Ginny’s Question about Getting Started Online

by Lyndi

Ginny of www.thepennyfriends.com sent in a question recently and here’s my answer:

Question Mark

Question Mark

“I am thinking of starting to sell items on the internet- kind of like a mini, mini esty and was wondering if you had any tips you could give me to get started.
Thanks and Blessings,
Ginny”

Ginny,

I’m so glad you’ve asked and thank you for sending in your question. Without knowing exactly what you’re selling here’s my advice:

I think to give yourself a head start with selling your items online it would be a great idea to test your products and make sure there is a market/audience for what you are selling. To ensure your success there is nothing like hungry consumers for whatever product you are selling.

Some questions to ask yourself:

Are my friends and family that I’ve made this for asking for more without being prompted? Are they offering to pay me to make it for their friends as gifts?

Are people already looking for products like these? If yes, is your design better? If they’re not then, why not?

What is the typical price point of these products? Is it really worth your time?

You mentioned Etsy so I wonder if you’re doing something more artistic that will appeal to a specific client. Think about who that would be and where they hang out. If you’re doing something that is not main stream then be where your client would be. Hotrod guys read hotrod magazines. Knitters are on knitting forums. Photographers have conventions they attend. You get the idea.

You may even consider doing some keyword research. What you are calling the items your making may have another name. Soda Pop, on the eastern coast of the United States folks have a tendency to call it pop meanwhile the west coast refers to a fizzy drink as soda. (and my momma would tell you in the southern states it’s all Coke)

Make a couple, take photos and then do a pre-launch or simply selling in advance. Many school fundraising programs pre-sell from a catalog. The kids collect the orders from a brochure they’re sent home with and then turn them into the school. The school turns it over to the company and then they deliver the goods. It’s a great way for you to get started too. You should also have a way for consumers to sign up to get more info even before you have released any product. People love being the VIPs and the first to find out about interesting things. It would make sense to put a coming soon image and a way to sign up for notification of when you officially release your products. (A side note: Any time you can make it an event, you should! People love parties! – Have a website unveiling party and a launch the product party and any other party you can think of!)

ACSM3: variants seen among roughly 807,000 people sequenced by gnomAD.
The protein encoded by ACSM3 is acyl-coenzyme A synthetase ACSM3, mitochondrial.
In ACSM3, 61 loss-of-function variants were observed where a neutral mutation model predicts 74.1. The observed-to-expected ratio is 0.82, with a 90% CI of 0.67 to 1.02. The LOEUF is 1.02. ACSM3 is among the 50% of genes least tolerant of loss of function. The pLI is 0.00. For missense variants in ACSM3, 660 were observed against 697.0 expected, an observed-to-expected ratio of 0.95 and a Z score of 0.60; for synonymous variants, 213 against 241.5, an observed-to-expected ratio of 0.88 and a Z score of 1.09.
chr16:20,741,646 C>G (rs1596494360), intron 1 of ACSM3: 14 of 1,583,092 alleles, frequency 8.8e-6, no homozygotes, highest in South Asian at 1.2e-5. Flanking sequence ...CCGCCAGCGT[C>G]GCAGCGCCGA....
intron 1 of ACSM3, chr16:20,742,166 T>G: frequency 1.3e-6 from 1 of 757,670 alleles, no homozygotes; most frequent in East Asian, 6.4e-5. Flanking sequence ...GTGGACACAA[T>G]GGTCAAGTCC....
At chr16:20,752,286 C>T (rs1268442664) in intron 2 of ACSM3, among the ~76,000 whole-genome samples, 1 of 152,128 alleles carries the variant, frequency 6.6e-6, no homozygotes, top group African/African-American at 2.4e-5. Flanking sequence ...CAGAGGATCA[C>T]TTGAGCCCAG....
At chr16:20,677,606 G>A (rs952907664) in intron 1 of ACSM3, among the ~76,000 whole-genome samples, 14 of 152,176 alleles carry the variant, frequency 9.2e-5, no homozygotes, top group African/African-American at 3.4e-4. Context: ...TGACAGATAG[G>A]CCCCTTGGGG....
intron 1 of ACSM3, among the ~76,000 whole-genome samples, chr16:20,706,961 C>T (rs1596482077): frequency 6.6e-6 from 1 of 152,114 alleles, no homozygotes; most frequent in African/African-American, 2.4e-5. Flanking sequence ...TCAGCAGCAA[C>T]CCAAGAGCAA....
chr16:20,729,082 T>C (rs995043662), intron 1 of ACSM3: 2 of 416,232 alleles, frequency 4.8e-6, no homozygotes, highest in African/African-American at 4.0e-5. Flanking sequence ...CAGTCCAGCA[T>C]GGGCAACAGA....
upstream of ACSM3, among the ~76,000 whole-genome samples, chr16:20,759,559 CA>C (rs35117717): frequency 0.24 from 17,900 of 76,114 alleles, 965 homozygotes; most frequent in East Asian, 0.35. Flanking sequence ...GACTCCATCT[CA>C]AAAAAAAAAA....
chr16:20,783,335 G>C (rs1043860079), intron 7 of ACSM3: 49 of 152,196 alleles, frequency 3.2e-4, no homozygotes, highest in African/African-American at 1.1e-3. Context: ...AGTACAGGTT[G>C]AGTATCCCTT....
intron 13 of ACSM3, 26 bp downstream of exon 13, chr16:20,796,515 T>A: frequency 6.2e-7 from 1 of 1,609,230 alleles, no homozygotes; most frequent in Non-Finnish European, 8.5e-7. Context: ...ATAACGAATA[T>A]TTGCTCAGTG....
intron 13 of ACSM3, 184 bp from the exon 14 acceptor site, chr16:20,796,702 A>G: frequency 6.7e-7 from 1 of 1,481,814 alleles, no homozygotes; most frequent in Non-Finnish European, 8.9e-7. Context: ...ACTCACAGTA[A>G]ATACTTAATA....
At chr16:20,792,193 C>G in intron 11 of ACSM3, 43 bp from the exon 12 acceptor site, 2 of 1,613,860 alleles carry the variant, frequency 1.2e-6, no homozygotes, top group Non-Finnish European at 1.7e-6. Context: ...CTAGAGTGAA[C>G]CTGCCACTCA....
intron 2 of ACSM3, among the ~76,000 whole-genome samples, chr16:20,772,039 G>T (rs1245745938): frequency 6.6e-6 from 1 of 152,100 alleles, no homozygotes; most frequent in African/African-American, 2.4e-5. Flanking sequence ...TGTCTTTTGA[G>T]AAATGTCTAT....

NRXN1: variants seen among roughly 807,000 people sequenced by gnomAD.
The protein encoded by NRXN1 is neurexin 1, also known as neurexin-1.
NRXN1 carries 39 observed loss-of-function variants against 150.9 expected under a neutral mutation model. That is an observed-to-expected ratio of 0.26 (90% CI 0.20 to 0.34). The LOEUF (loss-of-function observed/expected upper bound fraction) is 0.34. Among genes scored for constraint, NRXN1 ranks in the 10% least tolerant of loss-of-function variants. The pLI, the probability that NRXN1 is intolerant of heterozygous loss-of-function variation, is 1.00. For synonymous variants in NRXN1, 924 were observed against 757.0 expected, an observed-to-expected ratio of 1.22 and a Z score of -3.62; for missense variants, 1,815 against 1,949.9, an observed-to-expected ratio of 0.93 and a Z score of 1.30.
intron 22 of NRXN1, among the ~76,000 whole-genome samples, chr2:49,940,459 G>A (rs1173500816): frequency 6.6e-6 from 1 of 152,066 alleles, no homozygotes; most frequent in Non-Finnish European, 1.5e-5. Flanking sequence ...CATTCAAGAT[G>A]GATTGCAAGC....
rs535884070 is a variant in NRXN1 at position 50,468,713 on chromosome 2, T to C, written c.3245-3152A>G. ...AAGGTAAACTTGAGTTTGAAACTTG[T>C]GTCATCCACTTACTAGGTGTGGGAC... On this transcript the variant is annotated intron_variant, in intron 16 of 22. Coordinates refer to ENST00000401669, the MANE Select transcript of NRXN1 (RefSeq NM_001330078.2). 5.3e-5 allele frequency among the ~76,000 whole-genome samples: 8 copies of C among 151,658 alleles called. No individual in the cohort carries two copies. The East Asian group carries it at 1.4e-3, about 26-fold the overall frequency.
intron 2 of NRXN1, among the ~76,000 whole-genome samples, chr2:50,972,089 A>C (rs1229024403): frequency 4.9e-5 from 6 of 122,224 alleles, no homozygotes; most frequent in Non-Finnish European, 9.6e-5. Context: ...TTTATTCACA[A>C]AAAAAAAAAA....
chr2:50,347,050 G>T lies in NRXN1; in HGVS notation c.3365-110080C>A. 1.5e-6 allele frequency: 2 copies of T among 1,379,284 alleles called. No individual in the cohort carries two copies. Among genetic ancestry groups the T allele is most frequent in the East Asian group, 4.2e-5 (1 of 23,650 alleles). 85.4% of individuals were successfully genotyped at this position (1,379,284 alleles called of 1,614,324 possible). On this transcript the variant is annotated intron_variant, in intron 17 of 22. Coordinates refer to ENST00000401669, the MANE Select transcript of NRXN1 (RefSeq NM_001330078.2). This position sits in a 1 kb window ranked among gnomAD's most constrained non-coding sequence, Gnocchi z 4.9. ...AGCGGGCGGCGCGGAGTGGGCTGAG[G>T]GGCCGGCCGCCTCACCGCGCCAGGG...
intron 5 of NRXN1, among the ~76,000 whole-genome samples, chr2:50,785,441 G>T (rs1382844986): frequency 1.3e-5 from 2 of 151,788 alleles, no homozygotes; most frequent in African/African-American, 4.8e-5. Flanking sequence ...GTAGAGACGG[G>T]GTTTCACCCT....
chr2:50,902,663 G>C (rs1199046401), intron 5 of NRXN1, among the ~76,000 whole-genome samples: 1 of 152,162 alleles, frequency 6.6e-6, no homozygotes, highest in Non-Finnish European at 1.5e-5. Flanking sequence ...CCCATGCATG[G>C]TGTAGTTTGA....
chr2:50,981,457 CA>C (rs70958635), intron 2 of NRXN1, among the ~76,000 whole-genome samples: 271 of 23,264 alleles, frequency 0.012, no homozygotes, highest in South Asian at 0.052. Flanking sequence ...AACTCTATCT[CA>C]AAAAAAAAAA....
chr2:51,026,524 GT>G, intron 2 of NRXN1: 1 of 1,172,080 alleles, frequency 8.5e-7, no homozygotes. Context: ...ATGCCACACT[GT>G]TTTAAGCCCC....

Suggestions on ways to test would be to put an ad in the your local classified ads (both online and paper) and see what kind of response you get. Many local businesses have bulletin boards you can post a flyer on too. You can always put people on a waiting list if you get more than the amount of actual product you already have. Which of course is fantastic, it’s your own list of hungry customers! You can also gauge for pricing with a test on eBay, Amazon, Etsy or even at local craft fairs and events. On Jamie Oliver’s Food Revolution he was recently shown hitting the streets with a food cart and asking people to pay what they thought his burger was worth. If that’s something that would work for you, I’d highly suggest asking strangers what they would expect to pay for your item.

Jamie Oliver's Food Revolution Price Check.

Jamie Oliver’s Food Revolution Gauging the Price of the Burgers.

Be serious about tracking your time and the cost of materials, because the purpose of a business is to make money. If you’re doing it for the love of doing it, and you’re not making any money. It’s a hobby. There is nothing wrong with having a hobby. It’s even a bonus when your hobby can pay for itself! Keeping clear about the distinction and being honest with yourself about what you’re doing is always a good thing and will keep you out of trouble with the local tax man and you’ll know when you should obtain a business license.

Ginny keep us updated and let us know how you’re new project is coming along!

Much Success!
Lyndi

 

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